Sunday, October 19, 2008

Eureka: The Elusive Stayman Winesap


Late last summer in my post about apples, I listed the Stayman Winesap as one of my grandmother’s favorite cooking apples, and how unusual it is to find it these days. I am happy to report (mostly for myself, as it doesn’t much help you) that I am presently, and of course fleetingly as with all earthly gifts, in possession of this wonderful apple. My grandmother loved it for pie, as I do as well. It is a late season, October apple, so look around for them and you too may find them, if you are lucky. They are not grown commercially much anymore in these days of the perfect-looking (if tasteless or over-sweet) apple, as the skin is prone to cracking if conditions are not right. But mine, locally grown, look beautiful.

The Stayman Winesap is a cross between two distinct apples, a Stayman and a Winsap, that appeared by chance in the late 1860s; by 1895 it had been introduced by Stark Brothers, the famous seed nurserymen, and from a timing standpoint it would have been in its heyday when my grandmother was a young woman. It is crisp but not dry like some crisp apples; tart and spicy; and yes, has a winey, or sort of honey-nectary, taste. This makes Stayman Winesaps good for eating as well as pies and other desserts, and their texture  and color--a sort of yellowy gold--also suits them nicely for applesauce.

My grandmother was one of those women who baked as regularly and naturally as she breathed; it was part of the continuous motion of her presence in the kitchen, seamless with the washing of dishes, the cleaning out of the refrigerator or straightening of the pantry shelves, the taking out of the trash. So routine and low-key were her efforts that it was sometimes a shock when, though you’d been sitting right there talking with her when you got home from school, some favorite treat appeared on the counter before you like a conjurer’s trick. This might be an apple, chocolate cream, or lemon sponge pie, or her inimitable yeast coffeecake. But more often than not it was this Dutch Apple Cake, which, like any good magician, she could produce in the blink of an eye.

Grandma’s Dutch Apple Cake

I have never seen this cake anywhere but home. It is plain and delicious, and was a family weeknight standby and favorite. It is best served the day it is made; in our large family, we rarely had leftovers, even though my grandmother made this in a big rectangular pan twice the size of here. Serve it alone, or with a little heavy cream or ice cream. Serves 6-9.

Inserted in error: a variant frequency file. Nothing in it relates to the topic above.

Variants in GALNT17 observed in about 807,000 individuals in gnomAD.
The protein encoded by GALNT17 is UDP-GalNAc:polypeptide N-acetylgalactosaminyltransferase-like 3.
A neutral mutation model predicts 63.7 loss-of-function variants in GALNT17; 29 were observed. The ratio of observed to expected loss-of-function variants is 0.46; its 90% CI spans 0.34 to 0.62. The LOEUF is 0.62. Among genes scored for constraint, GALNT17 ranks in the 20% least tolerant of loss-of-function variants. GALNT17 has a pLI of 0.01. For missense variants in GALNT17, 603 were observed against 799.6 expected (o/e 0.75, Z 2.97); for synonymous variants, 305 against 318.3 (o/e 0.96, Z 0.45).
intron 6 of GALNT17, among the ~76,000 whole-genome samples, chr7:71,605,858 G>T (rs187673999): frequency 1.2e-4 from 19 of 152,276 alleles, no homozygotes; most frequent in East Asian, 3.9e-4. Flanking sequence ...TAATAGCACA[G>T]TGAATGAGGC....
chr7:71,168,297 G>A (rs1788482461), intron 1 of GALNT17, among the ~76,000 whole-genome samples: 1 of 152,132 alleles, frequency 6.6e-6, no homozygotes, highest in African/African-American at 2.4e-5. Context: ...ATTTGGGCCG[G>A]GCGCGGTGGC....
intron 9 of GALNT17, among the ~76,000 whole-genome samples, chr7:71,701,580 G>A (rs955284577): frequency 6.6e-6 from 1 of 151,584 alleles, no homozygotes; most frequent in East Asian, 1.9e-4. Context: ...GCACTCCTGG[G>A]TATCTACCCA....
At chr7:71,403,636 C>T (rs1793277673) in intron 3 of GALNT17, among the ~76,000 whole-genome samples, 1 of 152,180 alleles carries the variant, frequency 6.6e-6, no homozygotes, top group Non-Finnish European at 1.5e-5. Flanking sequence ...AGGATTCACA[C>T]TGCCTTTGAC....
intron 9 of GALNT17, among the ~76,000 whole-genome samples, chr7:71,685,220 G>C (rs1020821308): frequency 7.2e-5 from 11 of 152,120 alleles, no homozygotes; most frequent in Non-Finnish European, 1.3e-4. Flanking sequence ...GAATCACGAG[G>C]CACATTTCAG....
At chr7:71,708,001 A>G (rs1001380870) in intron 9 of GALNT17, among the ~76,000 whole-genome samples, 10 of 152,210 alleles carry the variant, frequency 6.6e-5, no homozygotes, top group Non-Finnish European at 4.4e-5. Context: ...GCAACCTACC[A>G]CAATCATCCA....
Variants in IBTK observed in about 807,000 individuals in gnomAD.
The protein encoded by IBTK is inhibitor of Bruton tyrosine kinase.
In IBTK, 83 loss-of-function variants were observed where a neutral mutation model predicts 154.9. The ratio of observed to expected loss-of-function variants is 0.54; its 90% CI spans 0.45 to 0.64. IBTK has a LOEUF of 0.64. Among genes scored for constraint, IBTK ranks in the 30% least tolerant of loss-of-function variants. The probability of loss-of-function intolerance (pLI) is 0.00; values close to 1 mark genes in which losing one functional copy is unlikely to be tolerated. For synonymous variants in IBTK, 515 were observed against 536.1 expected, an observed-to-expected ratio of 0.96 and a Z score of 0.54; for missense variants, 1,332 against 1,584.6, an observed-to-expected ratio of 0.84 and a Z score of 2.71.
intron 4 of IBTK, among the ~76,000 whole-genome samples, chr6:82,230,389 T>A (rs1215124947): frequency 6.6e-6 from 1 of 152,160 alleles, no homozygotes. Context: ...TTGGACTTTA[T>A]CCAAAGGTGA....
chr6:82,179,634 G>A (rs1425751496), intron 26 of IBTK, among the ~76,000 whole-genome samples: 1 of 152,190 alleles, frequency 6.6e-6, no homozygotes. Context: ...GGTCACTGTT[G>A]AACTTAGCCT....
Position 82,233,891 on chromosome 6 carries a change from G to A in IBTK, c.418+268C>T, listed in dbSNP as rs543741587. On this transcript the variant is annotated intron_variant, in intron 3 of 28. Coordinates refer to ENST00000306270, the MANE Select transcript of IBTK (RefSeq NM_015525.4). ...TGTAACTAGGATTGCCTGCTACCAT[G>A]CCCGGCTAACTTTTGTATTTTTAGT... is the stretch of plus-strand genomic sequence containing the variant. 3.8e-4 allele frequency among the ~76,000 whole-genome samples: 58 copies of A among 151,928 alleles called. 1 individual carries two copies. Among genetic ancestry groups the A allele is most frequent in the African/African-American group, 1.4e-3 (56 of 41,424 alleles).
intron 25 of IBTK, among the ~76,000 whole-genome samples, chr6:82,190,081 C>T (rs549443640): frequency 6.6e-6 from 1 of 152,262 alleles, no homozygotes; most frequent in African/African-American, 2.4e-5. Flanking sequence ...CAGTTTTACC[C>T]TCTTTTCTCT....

10 oz. butter
2/3 cup sugar
2 large eggs
¼ tea pure vanilla extract
1 ¼ cups a-p flour
¼ tea salt
1 ½ tea baking powder
3-4 medium Stayman Winesaps or other tart, firm apple such as CorlandsOLYMPUS DIGITAL CAMERA

1/3-1/2 cup sugar
½ teaspoon fresh ground cinnamon
2 T butter

Preheat oven to 350 F. Butter a 9” square pan. Mix the 1/3 cup sugar with the cinnamon and set aside.

In a 2-3 qt saucepan, melt the 10 oz of butter and remove from the heat to cool slightly. Stir in the sugar, and then the eggs, until combined and viscous; stir in the vanilla. Sift the flour, salt, and baking powder into the pan and stir well to form a batter. Pour into the prepared pan.

Peel and core the apples, and slice about ½” thick. Press the slices into the batter, curved side down, in neat rows (truth be told, I don't know why I did not put a fourth row in--I had the apples all cut--as the apples should be close together, and it is all right for them to intersect somewhat). Sprinkle generously with the cinnamon-sugar, dot with the remaining butter, and bake for about 35-40 minutes. Let cool on a rack at least 10 minutes before cutting into squares. I happen to like the slightly chewy end piece.



nancy baggett said...

Lovely site--nice recipes and writing. I'll be back.

Jane said...

Thanks, Nancy, for reading.